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The Art of Mort Künstler / The American Spirit / The Civil War

Here you will find a pictorial chronicle of the drama and excitement of American History. These paintings give the viewer an insight into the tumultuous life of this young nation that mere words cannot achieve.



Dilger at Gettysburg - limited edition print
July 1, 1863




This limited edition print is SOLD OUT

LIMITED EDITION PRINT
Paper Prints

Reproduction technique: Fine offset lithography on neutral pH archival quality paper using the finest fade-resistant inks.
Each print is numbered and signed by the artist and accompanied by a Certificate of Authenticity.


Image Size: 16" x 24" • Overall Size: 21 1/4" x 29"
Signed & Numbered • Edition Size: 950
Signed Artist's Proof • Edition Size: 50

Mort Künstler's Comments
I feel that the special danger an artilleryman faced is often ignored in Civil War circles, and Dilger was one of the most famous artillerists of the war. Captain John Hubert Dilger was one of the most famous artillerists of the war period, his fame being made on numerous battlefields. During the action at Gettysburg on July 1st, he ordered two of his guns forward of the main battleline without infantry support. This type of bold action was unheard of at the time, and this is the moment which I have depicted in my painting.

Captain Dilger, while under fire, has ordered a section (two guns) forward to the north, to get a more advantageous position against Confederate guns on Oak Hill. The section's lieutenant leads the off-lead horse which is shying from the gunfire. A corporal with the battery guidon rides next to the lead driver. The first six horses are pulling the limber that pulls the cannon itself, and following them is the caisson. Not counting the drivers, each gun usually had ten men to service it, the gunners riding on the limber chest. To the rear is the second gun of the section, and you can see the tremendous danger that the artillerymen were under in this sort of action. Gunners and drivers were completely exposed , and had to perform their duties and handle their six horse team under the most difficult conditions possible.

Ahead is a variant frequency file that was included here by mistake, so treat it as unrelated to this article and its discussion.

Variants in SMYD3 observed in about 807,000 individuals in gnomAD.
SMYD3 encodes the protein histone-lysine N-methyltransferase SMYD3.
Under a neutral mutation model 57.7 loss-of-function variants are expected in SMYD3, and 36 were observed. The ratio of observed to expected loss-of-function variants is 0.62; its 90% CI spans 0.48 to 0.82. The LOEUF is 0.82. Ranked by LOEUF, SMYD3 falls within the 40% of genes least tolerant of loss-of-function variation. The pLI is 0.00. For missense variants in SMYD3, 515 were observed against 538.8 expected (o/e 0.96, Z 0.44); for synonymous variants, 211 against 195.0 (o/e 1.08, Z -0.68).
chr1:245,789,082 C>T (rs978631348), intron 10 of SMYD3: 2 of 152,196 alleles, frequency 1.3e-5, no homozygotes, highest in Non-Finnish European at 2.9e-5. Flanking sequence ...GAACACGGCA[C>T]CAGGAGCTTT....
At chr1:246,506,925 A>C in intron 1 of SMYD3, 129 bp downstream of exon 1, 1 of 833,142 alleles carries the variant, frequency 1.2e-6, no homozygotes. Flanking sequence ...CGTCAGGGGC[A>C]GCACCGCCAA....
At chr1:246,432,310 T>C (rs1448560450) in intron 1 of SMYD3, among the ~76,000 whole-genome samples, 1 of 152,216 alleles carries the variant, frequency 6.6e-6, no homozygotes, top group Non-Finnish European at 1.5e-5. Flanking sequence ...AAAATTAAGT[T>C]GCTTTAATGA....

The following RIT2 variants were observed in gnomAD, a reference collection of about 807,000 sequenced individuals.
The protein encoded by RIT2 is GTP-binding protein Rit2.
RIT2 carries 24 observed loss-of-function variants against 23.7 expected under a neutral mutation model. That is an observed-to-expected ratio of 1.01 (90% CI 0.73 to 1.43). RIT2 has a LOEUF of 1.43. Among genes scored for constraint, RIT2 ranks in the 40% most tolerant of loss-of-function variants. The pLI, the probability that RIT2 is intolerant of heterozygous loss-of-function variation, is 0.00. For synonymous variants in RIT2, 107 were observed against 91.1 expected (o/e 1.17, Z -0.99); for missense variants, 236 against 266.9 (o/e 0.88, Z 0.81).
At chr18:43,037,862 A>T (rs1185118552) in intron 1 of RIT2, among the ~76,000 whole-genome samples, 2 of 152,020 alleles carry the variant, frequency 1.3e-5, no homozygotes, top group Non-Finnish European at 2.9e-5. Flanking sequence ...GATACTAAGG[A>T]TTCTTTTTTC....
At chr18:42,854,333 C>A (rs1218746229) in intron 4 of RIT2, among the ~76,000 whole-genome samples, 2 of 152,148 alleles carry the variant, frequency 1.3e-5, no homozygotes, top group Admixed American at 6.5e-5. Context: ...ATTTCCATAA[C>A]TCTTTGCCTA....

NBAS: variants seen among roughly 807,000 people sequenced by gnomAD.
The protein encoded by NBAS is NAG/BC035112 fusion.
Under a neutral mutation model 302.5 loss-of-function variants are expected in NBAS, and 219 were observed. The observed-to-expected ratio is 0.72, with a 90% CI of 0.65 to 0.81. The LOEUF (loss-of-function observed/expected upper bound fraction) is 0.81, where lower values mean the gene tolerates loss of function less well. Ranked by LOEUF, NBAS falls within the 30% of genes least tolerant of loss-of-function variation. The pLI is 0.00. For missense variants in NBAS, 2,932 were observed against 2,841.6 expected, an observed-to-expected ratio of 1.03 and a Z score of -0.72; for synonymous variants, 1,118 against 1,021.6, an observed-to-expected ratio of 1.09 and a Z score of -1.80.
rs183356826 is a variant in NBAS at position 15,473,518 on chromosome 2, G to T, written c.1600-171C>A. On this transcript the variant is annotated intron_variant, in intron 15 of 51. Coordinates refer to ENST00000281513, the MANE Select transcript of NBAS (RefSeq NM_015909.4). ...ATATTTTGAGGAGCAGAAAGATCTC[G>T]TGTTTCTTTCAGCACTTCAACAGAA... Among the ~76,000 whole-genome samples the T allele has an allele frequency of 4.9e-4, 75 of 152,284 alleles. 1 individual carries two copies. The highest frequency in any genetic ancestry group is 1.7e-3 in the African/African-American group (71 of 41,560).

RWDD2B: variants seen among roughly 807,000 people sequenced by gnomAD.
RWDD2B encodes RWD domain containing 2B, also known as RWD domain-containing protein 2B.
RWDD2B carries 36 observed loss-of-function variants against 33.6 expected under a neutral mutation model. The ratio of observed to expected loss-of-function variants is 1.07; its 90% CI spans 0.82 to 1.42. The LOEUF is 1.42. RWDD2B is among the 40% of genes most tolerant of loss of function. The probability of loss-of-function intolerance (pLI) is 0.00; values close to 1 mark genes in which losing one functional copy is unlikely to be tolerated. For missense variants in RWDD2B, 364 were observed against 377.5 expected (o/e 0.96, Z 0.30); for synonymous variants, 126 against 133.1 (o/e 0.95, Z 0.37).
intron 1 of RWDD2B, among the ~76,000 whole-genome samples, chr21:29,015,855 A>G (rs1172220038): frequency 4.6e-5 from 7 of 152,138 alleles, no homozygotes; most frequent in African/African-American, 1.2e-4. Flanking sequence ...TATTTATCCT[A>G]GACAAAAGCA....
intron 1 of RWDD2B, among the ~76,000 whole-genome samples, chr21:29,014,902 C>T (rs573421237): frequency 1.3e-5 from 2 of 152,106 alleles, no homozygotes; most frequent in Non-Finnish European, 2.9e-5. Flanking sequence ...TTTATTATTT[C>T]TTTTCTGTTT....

Dilger's men were exceptional and his battery performed a heroic service that day by later holding off Confederate infantry without infantry support. This gave enough to retreating Union troops to form the secondary line of defense on Cemetery Hill. Dilger, or "Old Leather Breeches" as his men called him, was an expert gunner as well as a bold captain. At one point in the action, he personally aimed and fired one of his guns so accurately that it struck the muzzle of the opposing Confederate piece!

The charge took place across open farmland, mostly wheat fields and pasture. We can see, in the lower right corner, where shells have hit wisps of dry wheat are catching fire. I studied the various, and researched the horse equipment such as harnesses, saddles, and the gun carriages and implements. The time of day was around four in the afternoon when the section rushed out to the north. To get the correct lighting effect, I visited the actual site. Sunlight breaks through the heavy smoke to the right or west of the picture. The two artillery pieces on the far right of the picture are where the battery was posted and where the battery's monument stands today.

In the background is the 'Old Dorm' of then, Pennsylvania College. Today, it is Gettysburg College, and the building still stands, basically unchanged after 126 years. It is hard to see the building today from the position where Dilger's men stood, due to the growth of the town. Luckily the small field where Dilger's section charged forward still survives.

Hopefully, the perilous life of the artilleryman can be a little better appreciated with this painting, and the incredible danger of artillery charge has been brought to life.


 

 
All illustrations by Mort Künstler. Text by Michael Aubrecht, Dee Brown, Henry Steele Commager, Rod Gragg, Mort Künstler, Edward Lengel, James McPherson, and James I. Robertson, Jr. - Copyright © 2001-2018. All Rights Reserved. No part of the contents of this web site may be reproduced or utilized in any form by any means without written consent of the artist.